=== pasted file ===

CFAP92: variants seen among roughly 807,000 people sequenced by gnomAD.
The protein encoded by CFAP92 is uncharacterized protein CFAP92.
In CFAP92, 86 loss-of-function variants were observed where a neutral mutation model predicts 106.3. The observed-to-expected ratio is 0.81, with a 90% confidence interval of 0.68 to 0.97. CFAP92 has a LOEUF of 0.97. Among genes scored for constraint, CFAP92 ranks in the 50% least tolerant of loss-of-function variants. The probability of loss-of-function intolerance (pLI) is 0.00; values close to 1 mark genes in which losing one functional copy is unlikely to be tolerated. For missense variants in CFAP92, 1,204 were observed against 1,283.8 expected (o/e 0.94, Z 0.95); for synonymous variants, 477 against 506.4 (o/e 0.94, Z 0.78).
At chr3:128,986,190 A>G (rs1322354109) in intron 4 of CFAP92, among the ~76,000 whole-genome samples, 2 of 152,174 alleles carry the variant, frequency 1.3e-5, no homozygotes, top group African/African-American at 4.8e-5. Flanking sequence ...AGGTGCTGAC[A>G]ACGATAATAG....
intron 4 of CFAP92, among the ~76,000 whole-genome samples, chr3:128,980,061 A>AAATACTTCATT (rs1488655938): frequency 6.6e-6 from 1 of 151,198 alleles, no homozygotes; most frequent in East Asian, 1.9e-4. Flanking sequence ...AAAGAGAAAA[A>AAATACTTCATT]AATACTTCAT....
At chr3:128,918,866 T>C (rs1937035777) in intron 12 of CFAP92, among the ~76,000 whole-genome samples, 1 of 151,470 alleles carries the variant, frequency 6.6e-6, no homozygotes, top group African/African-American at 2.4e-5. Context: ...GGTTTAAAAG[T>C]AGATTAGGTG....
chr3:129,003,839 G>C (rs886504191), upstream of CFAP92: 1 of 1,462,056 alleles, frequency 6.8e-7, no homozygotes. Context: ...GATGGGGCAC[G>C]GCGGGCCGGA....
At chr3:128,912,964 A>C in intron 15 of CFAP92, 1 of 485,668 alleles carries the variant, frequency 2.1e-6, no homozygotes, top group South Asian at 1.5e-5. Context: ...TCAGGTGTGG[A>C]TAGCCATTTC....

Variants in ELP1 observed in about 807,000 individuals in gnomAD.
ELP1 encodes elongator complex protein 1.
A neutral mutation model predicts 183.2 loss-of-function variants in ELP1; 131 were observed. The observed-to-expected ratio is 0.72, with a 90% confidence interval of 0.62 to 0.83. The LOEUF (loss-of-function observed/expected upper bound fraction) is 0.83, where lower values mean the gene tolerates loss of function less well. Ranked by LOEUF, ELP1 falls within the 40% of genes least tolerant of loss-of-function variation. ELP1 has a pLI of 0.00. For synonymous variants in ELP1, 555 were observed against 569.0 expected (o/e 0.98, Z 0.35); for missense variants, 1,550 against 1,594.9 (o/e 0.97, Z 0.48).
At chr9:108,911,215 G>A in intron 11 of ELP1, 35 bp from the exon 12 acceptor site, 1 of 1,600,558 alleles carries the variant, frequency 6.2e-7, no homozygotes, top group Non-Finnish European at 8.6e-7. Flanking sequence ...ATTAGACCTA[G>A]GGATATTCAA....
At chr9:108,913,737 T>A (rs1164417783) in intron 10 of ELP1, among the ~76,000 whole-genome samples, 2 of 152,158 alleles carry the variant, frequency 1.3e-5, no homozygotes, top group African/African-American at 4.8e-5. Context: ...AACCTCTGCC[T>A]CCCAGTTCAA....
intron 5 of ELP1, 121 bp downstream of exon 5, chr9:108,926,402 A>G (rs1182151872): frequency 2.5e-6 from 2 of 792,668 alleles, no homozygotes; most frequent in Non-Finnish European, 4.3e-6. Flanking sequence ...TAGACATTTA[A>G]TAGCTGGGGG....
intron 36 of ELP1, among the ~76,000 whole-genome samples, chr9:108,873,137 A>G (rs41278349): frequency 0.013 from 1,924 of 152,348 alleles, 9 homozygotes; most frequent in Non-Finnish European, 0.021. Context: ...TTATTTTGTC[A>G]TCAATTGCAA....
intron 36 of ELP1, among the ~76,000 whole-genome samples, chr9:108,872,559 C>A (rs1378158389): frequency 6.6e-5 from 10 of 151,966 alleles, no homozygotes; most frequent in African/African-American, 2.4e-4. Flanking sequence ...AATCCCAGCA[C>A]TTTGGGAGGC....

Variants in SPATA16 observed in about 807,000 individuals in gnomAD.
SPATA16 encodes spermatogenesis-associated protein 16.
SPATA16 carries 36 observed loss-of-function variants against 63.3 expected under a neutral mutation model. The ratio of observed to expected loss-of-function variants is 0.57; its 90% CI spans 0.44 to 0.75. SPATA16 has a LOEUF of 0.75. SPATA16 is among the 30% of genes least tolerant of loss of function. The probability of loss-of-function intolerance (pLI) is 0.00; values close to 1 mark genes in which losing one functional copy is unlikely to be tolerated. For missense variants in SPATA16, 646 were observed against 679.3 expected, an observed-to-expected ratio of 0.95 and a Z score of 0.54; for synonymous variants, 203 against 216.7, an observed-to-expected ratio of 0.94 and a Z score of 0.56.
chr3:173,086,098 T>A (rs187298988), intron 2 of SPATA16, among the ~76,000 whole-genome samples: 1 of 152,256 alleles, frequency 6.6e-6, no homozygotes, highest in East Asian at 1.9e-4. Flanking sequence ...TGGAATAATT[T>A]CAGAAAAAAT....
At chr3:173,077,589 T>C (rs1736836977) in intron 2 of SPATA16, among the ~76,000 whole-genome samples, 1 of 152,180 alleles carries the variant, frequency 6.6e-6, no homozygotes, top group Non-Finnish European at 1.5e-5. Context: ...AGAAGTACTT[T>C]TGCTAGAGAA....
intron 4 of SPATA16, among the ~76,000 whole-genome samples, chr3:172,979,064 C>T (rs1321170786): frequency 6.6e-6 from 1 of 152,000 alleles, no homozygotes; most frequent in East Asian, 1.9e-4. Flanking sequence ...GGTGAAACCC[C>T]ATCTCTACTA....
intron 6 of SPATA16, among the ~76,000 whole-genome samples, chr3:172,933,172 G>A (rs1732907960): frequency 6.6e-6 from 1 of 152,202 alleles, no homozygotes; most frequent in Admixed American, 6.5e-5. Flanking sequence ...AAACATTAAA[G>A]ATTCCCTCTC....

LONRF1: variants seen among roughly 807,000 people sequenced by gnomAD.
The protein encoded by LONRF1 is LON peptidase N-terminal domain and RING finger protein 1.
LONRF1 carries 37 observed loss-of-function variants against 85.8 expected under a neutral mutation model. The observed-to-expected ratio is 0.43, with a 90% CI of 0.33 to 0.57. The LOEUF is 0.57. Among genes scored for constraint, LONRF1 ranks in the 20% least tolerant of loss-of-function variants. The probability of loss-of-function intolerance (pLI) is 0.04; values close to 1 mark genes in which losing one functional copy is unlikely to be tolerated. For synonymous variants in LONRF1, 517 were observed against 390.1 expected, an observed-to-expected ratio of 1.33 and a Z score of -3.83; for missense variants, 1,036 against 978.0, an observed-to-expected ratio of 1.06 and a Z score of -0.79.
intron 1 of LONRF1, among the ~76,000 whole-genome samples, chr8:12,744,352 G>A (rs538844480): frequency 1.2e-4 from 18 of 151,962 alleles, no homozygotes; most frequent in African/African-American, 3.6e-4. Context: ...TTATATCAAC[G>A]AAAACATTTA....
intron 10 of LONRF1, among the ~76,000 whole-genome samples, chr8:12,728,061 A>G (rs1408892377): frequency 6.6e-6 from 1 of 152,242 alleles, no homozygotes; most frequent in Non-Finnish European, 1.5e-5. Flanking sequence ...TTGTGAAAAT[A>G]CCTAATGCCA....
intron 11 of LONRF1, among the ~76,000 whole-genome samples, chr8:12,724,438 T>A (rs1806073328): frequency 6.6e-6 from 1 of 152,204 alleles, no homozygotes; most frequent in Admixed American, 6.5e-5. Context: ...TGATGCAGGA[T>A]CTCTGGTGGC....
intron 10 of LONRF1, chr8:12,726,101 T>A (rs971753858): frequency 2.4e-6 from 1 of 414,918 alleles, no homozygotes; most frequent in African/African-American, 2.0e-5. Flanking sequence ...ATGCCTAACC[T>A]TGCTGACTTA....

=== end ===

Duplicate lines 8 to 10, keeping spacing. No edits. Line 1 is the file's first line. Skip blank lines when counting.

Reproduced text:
At chr3:128,912,964 A>C in intron 15 of CFAP92, 1 of 485,668 alleles carries the variant, frequency 2.1e-6, no homozygotes, top group South Asian at 1.5e-5. Context: ...TCAGGTGTGG[A>C]TAGCCATTTC....

Variants in ELP1 observed in about 807,000 individuals in gnomAD.
ELP1 encodes elongator complex protein 1.